Evidence from Around the World
Edited by Marian V. Jones, Pavlos Dimitratos, Margaret Fletcher and Stephen Young
Chapter 13: International New Ventures: A New Organizational Form?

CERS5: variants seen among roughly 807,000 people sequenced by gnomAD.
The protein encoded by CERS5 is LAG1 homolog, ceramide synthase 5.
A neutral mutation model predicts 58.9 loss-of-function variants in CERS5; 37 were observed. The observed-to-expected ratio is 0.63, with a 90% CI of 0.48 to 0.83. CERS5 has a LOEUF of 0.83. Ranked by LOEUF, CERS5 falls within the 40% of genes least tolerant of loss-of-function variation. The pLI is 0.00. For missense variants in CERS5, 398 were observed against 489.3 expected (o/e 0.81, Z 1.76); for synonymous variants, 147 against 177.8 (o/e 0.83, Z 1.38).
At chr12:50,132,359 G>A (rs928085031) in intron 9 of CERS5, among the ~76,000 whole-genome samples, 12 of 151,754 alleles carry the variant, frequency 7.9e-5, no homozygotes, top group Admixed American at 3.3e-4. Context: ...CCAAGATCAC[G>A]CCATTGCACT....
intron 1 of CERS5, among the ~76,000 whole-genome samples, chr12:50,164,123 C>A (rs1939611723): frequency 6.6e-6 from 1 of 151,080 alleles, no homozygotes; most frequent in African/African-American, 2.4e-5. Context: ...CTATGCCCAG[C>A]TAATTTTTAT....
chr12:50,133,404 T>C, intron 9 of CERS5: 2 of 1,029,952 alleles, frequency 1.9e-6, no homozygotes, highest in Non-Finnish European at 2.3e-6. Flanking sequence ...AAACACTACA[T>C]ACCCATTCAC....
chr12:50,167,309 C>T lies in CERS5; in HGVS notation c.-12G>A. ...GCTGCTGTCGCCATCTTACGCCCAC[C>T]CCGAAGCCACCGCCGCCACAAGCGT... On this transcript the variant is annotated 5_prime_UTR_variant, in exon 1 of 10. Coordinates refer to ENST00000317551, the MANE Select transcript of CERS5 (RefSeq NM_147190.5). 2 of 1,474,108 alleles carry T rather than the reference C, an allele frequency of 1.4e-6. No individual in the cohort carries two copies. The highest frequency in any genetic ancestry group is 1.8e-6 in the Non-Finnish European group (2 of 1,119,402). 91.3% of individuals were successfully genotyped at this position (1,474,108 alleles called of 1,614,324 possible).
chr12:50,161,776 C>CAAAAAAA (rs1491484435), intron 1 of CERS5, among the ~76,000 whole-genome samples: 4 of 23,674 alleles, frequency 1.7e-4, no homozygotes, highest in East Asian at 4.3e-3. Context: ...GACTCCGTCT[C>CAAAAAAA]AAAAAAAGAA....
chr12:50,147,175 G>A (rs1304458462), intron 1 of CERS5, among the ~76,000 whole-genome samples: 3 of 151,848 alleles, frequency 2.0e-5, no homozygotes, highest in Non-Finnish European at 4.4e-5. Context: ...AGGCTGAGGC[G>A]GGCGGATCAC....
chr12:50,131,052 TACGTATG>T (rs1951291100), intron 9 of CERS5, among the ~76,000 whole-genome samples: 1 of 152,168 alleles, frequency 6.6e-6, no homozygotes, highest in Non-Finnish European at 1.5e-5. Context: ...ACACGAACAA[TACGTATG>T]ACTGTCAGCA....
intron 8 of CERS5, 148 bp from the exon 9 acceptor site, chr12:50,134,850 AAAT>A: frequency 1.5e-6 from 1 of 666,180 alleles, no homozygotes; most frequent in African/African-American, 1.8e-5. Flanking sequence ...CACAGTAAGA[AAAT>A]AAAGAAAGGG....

Rod B. McNaughton SUMMARY The chapter presents an argument for refocusing the study of international new ventures on the question of whether they represent a unique organizational form. Oviatt and McDougall’s original description of the phenomenon raised this important question, but subsequent empirical studies have yet to provide an answer. The uniqueness of INVs is important to define the phenomenon, and legitimize international entrepreneurship as a distinct area of scholarship. Viewing INVs from the perspective of organizational form suggests new theoretical perspectives, research questions and methods. Thus the empirical literature on organizational form focuses upon decision rights, and tracks measures such as organizational members, channels for information and control, governance and agency. Introducing such measures may provide new and interesting ways of characterizing INVs as compared with the extant literature, and promote comparative research with other types of organization. INTRODUCTION International Entrepreneurship emerged as a new field of study in the early 1990s. The majority of researchers argue that this area of study lies in the intersection between the disciplines of entrepreneurship and international business (IB). However, the core theories of neither discipline provide a strong explanation of the phenomenon of ‘international new ventures’ (INVs). Entrepreneurship theories generally argue that new firm formation is a locally embedded process, while IB theories do not posit a role for smaller and inexperienced firms in international markets. Since McDougall, Shane and Oviatt (1994) reviewed the core theories of international business and found them lacking as an explanation of INVs, no unifying theory has...
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